The Federal Reserve’s lack of movement on interest rates was unsurprising but gave way a background feeling that it will allow inflation to grow faster than expected, Rick Rieder has said.
The Citywire + rated manager and CIO for fundamental fixed income at BlackRock made the comments in the wake of November’s Federal Open Market Committee meeting.
The two-day meeting resulted in a – largely telegraphed – decision to hold rates at the current level, while leaving the door open with further policy action in December. However, Rieder said the focus should not be on rates but inflation.
‘We did not expect yesterday’s FOMC announcement to indicate a change in policy rates, coming nearly a week before a highly contested general election on November 8, but we did anticipate the Committee would continue to make its case for a rate hike, almost certainly to come next month.’
‘We also think there is a significant subtext to be found in the Fed’s recent policy stance, in that it implies that the central bank will allow inflation to run a bit hotter than it has historically - the so-called “high-pressure economy”.’
Rieder said there were three reason the Fed is likely to take this stance, which are:
1) Lack of satisfaction with pre-existing inflationary expectations;
2) Potential growth/output function that is organically lower, attributable to demographic headwinds and technological disinflation;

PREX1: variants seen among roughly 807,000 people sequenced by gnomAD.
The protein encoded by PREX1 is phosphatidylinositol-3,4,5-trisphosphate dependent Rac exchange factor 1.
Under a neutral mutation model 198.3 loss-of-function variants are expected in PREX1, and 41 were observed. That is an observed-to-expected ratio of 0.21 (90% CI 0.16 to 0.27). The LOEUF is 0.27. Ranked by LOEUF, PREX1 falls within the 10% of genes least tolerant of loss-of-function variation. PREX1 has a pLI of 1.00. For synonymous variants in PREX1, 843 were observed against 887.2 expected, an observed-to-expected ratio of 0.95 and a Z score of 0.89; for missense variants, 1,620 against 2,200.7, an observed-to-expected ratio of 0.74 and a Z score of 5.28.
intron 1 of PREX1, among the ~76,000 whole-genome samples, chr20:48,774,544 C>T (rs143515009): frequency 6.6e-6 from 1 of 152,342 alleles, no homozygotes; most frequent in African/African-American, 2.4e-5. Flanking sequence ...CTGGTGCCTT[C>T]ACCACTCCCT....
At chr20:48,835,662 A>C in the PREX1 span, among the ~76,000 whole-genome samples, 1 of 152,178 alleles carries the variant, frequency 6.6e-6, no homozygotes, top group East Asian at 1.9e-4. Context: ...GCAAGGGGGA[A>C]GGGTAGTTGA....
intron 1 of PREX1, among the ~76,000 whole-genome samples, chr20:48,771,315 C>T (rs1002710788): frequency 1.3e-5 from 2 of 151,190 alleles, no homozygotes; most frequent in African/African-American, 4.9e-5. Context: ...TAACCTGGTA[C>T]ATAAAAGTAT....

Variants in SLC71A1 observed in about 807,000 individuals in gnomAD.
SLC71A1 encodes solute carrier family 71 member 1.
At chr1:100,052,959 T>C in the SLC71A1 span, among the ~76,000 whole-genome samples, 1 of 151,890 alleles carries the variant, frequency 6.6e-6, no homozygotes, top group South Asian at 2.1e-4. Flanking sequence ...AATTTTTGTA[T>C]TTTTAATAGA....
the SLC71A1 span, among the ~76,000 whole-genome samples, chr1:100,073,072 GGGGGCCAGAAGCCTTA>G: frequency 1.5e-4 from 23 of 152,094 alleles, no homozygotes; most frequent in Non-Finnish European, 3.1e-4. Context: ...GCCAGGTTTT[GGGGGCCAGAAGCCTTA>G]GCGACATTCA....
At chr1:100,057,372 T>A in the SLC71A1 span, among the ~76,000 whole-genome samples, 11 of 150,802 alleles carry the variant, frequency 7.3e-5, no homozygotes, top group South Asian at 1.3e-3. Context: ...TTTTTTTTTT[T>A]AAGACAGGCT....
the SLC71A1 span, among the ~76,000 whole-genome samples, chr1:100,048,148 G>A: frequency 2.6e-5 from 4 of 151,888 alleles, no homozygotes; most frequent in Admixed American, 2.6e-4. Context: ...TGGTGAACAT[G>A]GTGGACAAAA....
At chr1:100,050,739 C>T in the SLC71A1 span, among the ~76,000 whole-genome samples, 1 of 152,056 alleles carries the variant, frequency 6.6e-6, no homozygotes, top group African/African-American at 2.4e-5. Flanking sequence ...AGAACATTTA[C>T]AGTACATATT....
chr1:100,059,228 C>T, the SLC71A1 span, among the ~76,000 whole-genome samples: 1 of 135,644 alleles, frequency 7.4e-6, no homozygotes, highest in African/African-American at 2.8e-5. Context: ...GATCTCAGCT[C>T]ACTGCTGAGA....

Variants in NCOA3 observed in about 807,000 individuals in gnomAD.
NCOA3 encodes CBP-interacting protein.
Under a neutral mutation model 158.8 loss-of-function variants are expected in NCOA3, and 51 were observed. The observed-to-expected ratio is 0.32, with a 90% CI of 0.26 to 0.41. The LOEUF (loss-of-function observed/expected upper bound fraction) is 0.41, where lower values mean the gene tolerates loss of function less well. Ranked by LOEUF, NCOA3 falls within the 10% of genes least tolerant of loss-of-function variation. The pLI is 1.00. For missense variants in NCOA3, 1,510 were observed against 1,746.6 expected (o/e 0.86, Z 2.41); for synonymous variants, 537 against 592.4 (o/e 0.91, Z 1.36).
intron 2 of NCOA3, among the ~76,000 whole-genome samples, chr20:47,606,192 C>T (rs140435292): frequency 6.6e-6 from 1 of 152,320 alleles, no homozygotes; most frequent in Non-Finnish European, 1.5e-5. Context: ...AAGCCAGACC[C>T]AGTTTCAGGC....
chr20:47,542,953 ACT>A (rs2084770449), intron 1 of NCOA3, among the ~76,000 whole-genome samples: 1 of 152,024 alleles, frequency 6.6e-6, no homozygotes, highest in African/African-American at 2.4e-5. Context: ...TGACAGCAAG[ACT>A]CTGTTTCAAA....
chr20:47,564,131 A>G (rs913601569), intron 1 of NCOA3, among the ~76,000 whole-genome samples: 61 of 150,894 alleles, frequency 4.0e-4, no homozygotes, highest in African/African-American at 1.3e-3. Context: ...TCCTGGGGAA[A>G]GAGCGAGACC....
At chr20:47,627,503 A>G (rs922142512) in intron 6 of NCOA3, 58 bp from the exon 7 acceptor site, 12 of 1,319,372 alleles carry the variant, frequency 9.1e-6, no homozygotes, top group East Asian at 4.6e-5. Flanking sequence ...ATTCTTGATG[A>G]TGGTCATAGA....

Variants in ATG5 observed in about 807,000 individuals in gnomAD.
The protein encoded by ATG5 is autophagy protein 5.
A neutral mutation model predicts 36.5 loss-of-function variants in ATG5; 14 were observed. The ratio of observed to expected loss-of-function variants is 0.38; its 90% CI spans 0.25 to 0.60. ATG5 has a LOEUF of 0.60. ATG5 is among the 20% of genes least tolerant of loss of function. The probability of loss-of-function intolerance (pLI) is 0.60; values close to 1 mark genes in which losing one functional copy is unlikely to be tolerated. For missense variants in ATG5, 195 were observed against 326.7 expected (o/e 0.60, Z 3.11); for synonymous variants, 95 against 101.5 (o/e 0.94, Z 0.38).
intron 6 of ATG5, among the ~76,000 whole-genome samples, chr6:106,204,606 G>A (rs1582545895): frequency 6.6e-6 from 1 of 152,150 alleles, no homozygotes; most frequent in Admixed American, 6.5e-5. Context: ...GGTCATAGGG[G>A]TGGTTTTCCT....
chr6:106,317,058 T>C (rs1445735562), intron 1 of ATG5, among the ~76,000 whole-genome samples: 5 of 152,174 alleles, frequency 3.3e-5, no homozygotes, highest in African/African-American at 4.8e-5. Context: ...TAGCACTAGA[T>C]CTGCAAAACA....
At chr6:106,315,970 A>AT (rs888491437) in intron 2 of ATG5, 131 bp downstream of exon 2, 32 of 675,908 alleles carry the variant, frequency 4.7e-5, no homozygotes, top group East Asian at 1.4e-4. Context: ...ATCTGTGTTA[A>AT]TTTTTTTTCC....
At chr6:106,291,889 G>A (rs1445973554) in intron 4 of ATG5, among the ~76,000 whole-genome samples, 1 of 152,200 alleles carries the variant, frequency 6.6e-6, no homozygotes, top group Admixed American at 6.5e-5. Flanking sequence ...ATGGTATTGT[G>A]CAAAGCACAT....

3) Greater set of policy tools that can be employed to bring down inflation, as opposed to those geared towards increasing it.
Rieder said the focus on inflation is likely to coincide with a much-needed switch from monetary to fiscal policy focus. This, he added, was due to the evident waning of impact of a rate rise on long-term growth conditions beyond market short-term market moves.
‘The utility of extraordinarily low interest rate levels has long since passed much effectiveness in stimulating real economic growth and for some time now has solely been influencing the financial economy as a price-supporting mechanism.
‘It is extraordinary to think that the Fed last cut its policy rate in December 2008, and in the 63 FOMC policy meetings since that time, it has only moved rates once, while the economic, employment, and financial market landscape has changed markedly throughout this time.’